(Editor's Note: The following is an excerpt from Brian Lovett's new book, Hunting Pressured Turkeys. The 196-page book offers a concise, in-depth explanation of how to scout for, set up on, and kill wary longbeards. For more information, contact the author at firstname.lastname@example.org.)
Our hunt had started so well. After hearing little before flydown, my friend Dan Barden and I had trekked across a pasture and up a small ridge before stopping to call. At the first cluck, a gobbler hammered back 75 yards away. Barden and I exchanged wide-eyed looks as we scrambled for cover.
The bird was just over a crest in the woods at the field edge, so I anticipated a quick hunt. I yelped softly, and the bird double-gobbled. Man, it was going to be textbook. I switched to soft clucking and purring, scratching occasionally in the leaves. And the turkey gobbled at everything-even on his own. But then, reality set in. After five minutes, the bird hadn't moved. Ditto, ten minutes later.
"Is there a fence down there?" I whispered to Barden.
"We've gotta get on the same side of the fence as him," I said.
Barden shook his head.
"He'll come through it," he said. "There's a low spot where they cross all the time. I've seen them do it for years."
Ten minutes later, though, I wasn't convinced. The bird hadn't moved, and his incessant gobbling would probably soon attract a hen.
"Let's go," I said, standing. Barden eased from his setup and led the way.
We sneaked around the ridge to the north, where a logging road entered the pasture. After ducking through the fence, I kneeled and yelped. The bird hammered back immediately-from the woods, right where we had been five minutes earlier. I bowed my head in disbelief.
"Well, let's sneak back up the logging road and set up," I said.
We did, and the gobbler met us halfway there. We only saw a darting white head and heard a few sharp putts, but the message was clear: "You blew it, chump."
Had I simply stopped calling and stayed put for five minutes, Barden and I would have exchanged high-fives over a flopping gobbler. Instead, I lowered my facemask in shame and cursed. Barden didn't have to say anything. He'd told me so. So it goes when you're in the heat of battle.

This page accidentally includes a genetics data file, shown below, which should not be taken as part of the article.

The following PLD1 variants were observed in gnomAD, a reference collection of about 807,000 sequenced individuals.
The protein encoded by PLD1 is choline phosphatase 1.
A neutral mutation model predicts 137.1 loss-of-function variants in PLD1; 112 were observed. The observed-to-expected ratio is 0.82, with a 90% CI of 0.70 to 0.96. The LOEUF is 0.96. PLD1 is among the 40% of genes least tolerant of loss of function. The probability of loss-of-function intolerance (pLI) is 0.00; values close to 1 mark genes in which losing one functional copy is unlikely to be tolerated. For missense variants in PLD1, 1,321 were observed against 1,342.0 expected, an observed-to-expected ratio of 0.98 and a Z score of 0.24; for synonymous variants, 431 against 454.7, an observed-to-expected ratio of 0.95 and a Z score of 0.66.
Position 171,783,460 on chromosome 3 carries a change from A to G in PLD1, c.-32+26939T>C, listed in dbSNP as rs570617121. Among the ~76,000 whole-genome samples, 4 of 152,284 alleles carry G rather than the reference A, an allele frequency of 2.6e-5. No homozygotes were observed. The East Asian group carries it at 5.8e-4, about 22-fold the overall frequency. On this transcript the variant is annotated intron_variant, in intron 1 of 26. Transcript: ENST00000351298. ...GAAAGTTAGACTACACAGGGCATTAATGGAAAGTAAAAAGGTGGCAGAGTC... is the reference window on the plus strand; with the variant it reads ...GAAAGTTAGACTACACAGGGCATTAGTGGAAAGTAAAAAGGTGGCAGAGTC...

During your turkey hunting quests, you'll encounter many similar situations. Your practice, preparation, scouting, game planning, skillful maneuvering, and practical calling will have brought you to the moment of truth: working a turkey. That's when things get interesting.
"Working" a turkey is sort of a misleading term. You know, of course, that it refers to the process of calling in a bird. Sounds simple enough, right? You call, the bird responds, and he comes in ... in theory. Sometimes, working a bird involves nothing more than clucking once and getting your gun up. Most days, it will be much more involved. And during some hunts, working a turkey will truly be work; a multifaceted effort involving calling, maneuvering, and on-the-spot decision making. If you make the correct decisions, you'll likely experience a hunt to cherish. But if you make one incorrect decision, the encounter will leave you scratching your head and doubting your ability. And here's another catch: often, you don't have hard-and-fast guidelines on which to base your decisions.
The process of working a turkey is further complicated by the intensity and excitement of the moment. Calling back and forth with a gobbler, sweating about your next tactic, and anticipating seeing that big boy walking through the woods is exhilarating stuff.
All right, let's assume you've located a bird, set up, and started calling. Immediately, many choices arise. How frequently should you call? Is the bird approaching or just gobbling at you? If he stops gobbling, what happened? What message are you sending? Should you move or stay put? These questions loom even larger when working pressured turkeys.
First - as always - start with soft calling, even if you're not super tight to a gobbler. If a turkey responds and reacts to soft, subtle calling, let him. He's probably pepper-hot. Sometimes soft yelping, a few clucks, and low-key clucking and purring are the ticket.
But if you must, don't be afraid to get louder and more aggressive. Some gobblers seem to ratchet up their intensity when hit with cutting and loud yelping. (This generally isn't the case with pressured turkeys, but you never know.) But remember, start soft, and work your way up as needed. The turkey's response will tell you when you've hit the right mix.